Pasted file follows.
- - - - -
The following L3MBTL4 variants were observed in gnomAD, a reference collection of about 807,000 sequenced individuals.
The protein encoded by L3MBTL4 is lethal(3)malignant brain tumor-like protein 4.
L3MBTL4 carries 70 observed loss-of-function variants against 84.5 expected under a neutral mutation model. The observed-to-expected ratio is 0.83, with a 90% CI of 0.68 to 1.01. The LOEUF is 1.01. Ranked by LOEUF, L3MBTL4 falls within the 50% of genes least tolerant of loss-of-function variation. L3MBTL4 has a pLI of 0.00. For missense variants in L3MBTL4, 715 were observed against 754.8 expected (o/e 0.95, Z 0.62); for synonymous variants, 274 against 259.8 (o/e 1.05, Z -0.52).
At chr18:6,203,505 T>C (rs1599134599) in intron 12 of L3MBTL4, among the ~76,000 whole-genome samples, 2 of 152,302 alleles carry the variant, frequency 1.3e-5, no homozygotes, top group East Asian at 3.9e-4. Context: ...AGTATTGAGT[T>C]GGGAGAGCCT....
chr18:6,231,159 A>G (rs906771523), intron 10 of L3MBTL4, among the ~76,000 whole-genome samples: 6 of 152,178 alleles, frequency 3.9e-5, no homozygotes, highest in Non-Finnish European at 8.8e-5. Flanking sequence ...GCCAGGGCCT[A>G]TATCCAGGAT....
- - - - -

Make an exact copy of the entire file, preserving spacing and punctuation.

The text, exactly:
The following L3MBTL4 variants were observed in gnomAD, a reference collection of about 807,000 sequenced individuals.
The protein encoded by L3MBTL4 is lethal(3)malignant brain tumor-like protein 4.
L3MBTL4 carries 70 observed loss-of-function variants against 84.5 expected under a neutral mutation model. The observed-to-expected ratio is 0.83, with a 90% CI of 0.68 to 1.01. The LOEUF is 1.01. Ranked by LOEUF, L3MBTL4 falls within the 50% of genes least tolerant of loss-of-function variation. L3MBTL4 has a pLI of 0.00. For missense variants in L3MBTL4, 715 were observed against 754.8 expected (o/e 0.95, Z 0.62); for synonymous variants, 274 against 259.8 (o/e 1.05, Z -0.52).
At chr18:6,203,505 T>C (rs1599134599) in intron 12 of L3MBTL4, among the ~76,000 whole-genome samples, 2 of 152,302 alleles carry the variant, frequency 1.3e-5, no homozygotes, top group East Asian at 3.9e-4. Context: ...AGTATTGAGT[T>C]GGGAGAGCCT....
chr18:6,231,159 A>G (rs906771523), intron 10 of L3MBTL4, among the ~76,000 whole-genome samples: 6 of 152,178 alleles, frequency 3.9e-5, no homozygotes, highest in Non-Finnish European at 8.8e-5. Flanking sequence ...GCCAGGGCCT[A>G]TATCCAGGAT....